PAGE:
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Austin, Grice and Strawson: Their shadow from Pittsburgh to Frankfurt

1 January 2007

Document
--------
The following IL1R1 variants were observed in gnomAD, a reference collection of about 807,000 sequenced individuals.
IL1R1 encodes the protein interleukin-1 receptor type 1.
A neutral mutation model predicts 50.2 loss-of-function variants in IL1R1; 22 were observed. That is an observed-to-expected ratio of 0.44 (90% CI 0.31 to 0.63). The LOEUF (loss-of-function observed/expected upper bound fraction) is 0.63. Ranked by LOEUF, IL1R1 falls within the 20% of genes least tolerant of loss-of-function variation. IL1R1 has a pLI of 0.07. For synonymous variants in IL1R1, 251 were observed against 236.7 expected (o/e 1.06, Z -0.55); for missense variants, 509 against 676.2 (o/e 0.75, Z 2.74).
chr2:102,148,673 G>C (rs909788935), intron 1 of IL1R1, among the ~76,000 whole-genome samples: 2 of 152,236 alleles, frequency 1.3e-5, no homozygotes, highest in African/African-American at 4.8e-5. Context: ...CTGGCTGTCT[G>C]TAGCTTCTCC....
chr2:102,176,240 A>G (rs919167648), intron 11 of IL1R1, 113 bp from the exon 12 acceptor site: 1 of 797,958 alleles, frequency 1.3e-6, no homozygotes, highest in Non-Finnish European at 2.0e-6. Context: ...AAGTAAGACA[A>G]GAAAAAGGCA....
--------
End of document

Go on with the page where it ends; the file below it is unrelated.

Austin discusses the supposed opposition between performative and constative utterances in a paper delivered to a French audience in 1962 entitled Performative— Constative. It is his aim in this paper in a sense to recant his earlier views that such a distinction was clear. A translation of this paper made by G. J. Warnock appeared in 1972 in a collection of essays on the philosophy of language, edited by John Searle. Alongside this translation were criticisms and comments by P. F. Strawson and H. P. Grice. Taken altogether, I regard these papers as containing several important insights that have informed contemporary notions regarding meaning and communication, particularly as they are thought of by Brandom and Habermas. I follow the course of Austin's discussion in assessing the status of the distinction that gives his paper its name and consider its merits, as well as drawing upon some of Strawson's and Grice's thoughts on the matter. After these discussions, I hope that it shall be clear how indebted to these past thinkers are those important theorists of our time.


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